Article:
Our Policy and Advocacy Manager Kelcey Armstrong-Walenczak is bringing us updates from the ground at the United Nations Climate Change Conference (COP28) in the UAE (30 November – 12 December), where leaders from governments, businesses, NGOs and civil society are gathered to find concrete solutions to climate change.
The COP28 climate negotiations in Dubai proved a historic moment for global health, with the first-ever official Health Day featured on Day 4 in the two-week programme of the global climate negotiations. Yesterday, 3 December, marked the culmination of years of advocacy diligently pursued by the World Health Organization (WHO), healthcare workforce, researchers, and international civil society to recognize health as an essential part of our interconnected global climate. This inaugural Health Day brought together over 50 Ministers of Health, alongside key climate activists and policymakers, to present a united front in tackling both health-systems-related contributions to climate change and the many impacts of our changing climate on human health.
Three major health announcements emerged from the four initial days of the COP28 programme. Firstly, a joint Political Declaration on Climate and Health was endorsed by 127 governments (and counting!). The declaration aims to bring increased urgency and a consistent health perspective to climate discussions, emphasizing that success should be measured not only in greenhouse gas emissions but in healthy human lives. Civil society broadly welcomed the declaration, noting that the support received from national governments is significant. However, while the document does make some important specific references to health impacts, such as the benefits of cleaner air, the declaration falls short of explicitly naming fossil fuels as the primary driver of climate change, leaving plenty of room for further advocacy efforts.
Secondly, major health institutions and philanthropies came together to endorse a set of Guiding Principles on Climate and Health Financing, accompanied by an initial billion-dollar allocation for new health investments in climate action. The financing principles seek to counter the increasing health impacts of climate change and air pollution, with a particular focus on funding solutions that reduce both carbon emissions and air pollution simultaneously. This is especially important considering the huge amount of investment currently directed towards fossil fuel subsidies each year, which directly contributes to both significant health care costs and DALYs lost through CVD and NCD-related morbidity and mortality.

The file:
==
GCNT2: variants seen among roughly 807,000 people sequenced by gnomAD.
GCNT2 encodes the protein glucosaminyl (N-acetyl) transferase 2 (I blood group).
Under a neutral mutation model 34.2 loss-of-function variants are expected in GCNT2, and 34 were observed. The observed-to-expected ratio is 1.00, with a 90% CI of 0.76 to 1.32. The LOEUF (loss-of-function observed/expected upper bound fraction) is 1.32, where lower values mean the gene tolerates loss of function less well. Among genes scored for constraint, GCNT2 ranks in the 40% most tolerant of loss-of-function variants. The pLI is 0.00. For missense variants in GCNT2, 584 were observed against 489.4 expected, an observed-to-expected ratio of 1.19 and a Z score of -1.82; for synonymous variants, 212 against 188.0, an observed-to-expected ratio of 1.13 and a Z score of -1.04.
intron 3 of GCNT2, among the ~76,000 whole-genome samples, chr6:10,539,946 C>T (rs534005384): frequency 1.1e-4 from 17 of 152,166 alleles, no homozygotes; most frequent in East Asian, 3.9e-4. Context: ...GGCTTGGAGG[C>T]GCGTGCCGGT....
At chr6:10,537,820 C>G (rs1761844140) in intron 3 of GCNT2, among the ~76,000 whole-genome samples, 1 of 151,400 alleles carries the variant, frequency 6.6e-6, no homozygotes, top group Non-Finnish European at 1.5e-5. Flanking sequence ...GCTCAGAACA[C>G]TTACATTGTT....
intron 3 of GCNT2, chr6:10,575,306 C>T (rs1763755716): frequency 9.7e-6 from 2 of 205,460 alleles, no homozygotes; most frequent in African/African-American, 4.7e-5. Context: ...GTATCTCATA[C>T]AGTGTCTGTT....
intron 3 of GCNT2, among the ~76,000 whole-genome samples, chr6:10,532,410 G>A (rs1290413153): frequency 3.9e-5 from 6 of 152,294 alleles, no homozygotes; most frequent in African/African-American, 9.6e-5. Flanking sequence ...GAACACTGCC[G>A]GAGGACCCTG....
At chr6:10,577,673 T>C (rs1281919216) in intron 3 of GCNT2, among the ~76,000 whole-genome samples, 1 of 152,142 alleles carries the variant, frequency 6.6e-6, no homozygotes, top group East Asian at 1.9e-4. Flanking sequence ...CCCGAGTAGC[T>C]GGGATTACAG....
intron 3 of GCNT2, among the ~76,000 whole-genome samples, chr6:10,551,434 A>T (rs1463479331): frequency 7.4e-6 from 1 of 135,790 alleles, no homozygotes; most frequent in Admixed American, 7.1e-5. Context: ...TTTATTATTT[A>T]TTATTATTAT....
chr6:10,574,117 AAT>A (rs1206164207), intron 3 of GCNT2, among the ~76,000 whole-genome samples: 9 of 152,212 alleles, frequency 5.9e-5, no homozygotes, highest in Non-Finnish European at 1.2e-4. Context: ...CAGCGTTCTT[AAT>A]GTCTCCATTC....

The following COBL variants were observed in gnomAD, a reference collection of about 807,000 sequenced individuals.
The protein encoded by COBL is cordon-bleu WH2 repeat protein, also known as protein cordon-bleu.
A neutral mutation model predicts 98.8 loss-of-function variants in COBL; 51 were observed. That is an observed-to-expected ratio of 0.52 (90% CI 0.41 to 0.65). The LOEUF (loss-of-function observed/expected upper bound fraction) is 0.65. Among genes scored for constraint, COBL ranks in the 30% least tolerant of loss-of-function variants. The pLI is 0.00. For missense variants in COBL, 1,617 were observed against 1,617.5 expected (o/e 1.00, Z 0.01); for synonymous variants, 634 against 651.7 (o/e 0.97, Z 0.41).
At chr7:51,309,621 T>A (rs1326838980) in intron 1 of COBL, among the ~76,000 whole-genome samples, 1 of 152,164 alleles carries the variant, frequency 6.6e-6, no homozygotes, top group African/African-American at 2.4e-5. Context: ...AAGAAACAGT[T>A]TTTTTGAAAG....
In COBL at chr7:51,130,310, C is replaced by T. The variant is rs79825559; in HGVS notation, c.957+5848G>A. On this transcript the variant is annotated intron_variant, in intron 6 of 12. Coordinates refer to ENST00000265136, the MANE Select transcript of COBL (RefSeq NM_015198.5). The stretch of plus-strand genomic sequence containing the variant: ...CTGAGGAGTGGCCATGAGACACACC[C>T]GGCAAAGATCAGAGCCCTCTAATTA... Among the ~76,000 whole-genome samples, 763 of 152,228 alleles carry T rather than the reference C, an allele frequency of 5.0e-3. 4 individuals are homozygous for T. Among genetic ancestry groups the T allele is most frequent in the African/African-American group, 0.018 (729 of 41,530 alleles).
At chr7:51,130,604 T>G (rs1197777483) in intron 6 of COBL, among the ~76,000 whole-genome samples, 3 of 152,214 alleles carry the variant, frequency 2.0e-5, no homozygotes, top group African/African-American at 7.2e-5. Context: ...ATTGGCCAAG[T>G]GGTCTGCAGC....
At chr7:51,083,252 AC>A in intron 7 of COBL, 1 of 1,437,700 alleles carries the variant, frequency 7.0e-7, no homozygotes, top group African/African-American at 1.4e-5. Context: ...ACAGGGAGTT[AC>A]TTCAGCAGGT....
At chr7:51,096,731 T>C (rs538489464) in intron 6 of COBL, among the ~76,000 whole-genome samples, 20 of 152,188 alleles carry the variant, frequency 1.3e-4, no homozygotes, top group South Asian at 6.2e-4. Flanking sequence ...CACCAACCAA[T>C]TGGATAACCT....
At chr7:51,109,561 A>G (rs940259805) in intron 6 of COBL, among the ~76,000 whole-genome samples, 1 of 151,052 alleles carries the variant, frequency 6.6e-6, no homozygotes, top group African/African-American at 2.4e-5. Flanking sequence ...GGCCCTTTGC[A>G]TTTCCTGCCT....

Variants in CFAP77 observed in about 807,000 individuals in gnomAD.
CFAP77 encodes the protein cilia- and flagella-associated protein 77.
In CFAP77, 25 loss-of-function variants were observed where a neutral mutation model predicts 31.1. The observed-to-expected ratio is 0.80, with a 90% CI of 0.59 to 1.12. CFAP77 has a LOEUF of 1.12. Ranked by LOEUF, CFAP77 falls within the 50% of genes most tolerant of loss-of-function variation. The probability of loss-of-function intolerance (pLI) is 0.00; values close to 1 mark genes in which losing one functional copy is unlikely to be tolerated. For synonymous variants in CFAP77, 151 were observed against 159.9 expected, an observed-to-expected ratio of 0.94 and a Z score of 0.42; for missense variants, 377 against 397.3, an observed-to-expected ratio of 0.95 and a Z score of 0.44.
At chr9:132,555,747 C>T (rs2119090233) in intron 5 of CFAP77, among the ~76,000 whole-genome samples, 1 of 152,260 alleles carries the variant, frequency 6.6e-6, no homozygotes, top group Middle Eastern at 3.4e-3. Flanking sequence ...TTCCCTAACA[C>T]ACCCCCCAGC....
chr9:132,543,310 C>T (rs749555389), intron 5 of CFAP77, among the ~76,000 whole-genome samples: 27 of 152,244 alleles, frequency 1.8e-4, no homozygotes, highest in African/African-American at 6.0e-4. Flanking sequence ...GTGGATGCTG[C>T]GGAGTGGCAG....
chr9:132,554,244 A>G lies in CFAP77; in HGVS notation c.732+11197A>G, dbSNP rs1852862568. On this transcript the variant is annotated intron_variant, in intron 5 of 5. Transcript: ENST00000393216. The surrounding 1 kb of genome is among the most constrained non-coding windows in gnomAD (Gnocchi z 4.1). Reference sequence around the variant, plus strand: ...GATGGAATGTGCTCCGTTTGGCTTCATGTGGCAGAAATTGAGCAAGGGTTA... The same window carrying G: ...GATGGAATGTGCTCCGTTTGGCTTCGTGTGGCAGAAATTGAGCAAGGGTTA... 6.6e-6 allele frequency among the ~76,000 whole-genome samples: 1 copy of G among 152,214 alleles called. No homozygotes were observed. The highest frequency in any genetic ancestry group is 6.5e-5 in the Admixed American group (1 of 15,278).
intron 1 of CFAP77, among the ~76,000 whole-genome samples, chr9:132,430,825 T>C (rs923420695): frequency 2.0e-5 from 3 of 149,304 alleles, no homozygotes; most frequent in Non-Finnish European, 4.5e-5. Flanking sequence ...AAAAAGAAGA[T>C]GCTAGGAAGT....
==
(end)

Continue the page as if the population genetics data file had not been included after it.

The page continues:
Finally, civil society has come together in an impressive demonstration of coordination to produce a joint health-and-climate narrative and call to action: Act on Climate: Our Lives Depend on It. This call is the product of months of consultation, drafting, editing, and fine-tuning undertaken by dozens of global health organizations, including the World Heart Federation. In addition to providing opportunities for collaboration and mutual programmatic support among participants, this exercise has provided health advocates with a common template for engaging with policymakers across levels and sectors of governments, ensuring that we can speak with one voice when seeking to implement the strategies and actions we need most to ensure a healthy people and planet for all.
In addition to supporting pre-COP efforts to feature health more prominently on the global climate agenda, the World Heart Federation is actively engaging in discussions and side events on the ground in Dubai and looking forward to co-hosting a panel on air pollution and health on 6 December. We will continue to engage with the COP28 programme throughout the week, and we look forward to bringing you more information on the intersection of climate change and heart health.